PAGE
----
Challenging earlier cognitivist approaches, recent theories of embodied cognition argue that the human mind and its functions are best understood as intimately bound up with the human body and its physiological dimensions. Some scholars have suggested that such theories, in departing from some core assumptions of the Western philosophical tradition, display significant similarities to certain non-Western traditions of thought, such as Buddhism. This essay extends such parallels to the Jewish tradition and argues that, in particular, classical rabbinic thought presents a (...) profoundly nondualistic account of the body–soul relation in its connection to cognition, action, and embodiment. Classical rabbinic texts therefore model the possibility of engaging with ‘Western’ conceptions such as God and the soul, while doing so in a manner that resonates strongly with many aspects of contemporary scientific theories. Thus, beyond their value as historical documents, insight into the texts and concepts of classical rabbinic Judaism can contribute to the further development of new theories of intellect and cognition. (shrink)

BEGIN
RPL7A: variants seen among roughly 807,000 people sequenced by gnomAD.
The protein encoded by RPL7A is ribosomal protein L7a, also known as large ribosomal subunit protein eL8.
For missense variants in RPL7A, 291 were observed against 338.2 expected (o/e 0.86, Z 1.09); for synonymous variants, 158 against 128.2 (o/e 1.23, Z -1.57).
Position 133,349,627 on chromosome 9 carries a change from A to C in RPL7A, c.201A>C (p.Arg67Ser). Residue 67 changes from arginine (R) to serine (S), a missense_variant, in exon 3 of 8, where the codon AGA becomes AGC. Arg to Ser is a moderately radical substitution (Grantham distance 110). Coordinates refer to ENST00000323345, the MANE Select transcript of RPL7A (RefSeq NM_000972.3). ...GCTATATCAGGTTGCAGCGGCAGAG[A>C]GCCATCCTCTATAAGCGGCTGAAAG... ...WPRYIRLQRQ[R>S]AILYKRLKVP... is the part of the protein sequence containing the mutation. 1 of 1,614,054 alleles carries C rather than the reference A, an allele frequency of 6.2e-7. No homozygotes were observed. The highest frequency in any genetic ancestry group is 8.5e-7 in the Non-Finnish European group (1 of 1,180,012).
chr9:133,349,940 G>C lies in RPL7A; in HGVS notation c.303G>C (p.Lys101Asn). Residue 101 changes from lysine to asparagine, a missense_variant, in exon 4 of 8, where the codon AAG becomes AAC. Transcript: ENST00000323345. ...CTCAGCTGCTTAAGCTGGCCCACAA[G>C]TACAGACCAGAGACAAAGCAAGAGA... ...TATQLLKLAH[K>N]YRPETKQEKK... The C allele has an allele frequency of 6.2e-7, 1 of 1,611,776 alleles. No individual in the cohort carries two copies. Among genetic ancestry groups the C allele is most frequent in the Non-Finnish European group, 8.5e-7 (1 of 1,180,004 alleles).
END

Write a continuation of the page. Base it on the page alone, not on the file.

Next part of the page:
Numinous spaces in British literature from William Wordsworth to Samuel Beckett -- Jesus figures in American literature from Ralph Waldo Emerson to Edward Albee -- Using Bakhtin's definitions to discover ethical voices in Solzhenitsyn and Tolstoy -- René Girard's categories of scapegoats in literature of the American South -- Hopkins's metaphysics of nature as sacred disclosure -- The book of job as mirrored in Hopkins's metaphysics -- Beckett's mythos of the absence of God.
The idea of creation in the divine image has a long and complex history. While its roots apparently lie in the royal myths of Mesopotamia and Egypt, this book argues that it was the biblical account of creation presented in the first chapters of Genesis and its interpretation in early rabbinic literature that created the basis for the perennial inquiry of the concept in the Judeo-Christian tradition. Yair Lorberbaum reconstructs the idea of the creation of man in the image (...) of God attributed in the Midrash and the Talmud. He analyzes meanings attributed to tselem Elohim in early rabbinic thought, as expressed in Aggadah, and explores its application in the normative, legal, and ritual realms. (shrink)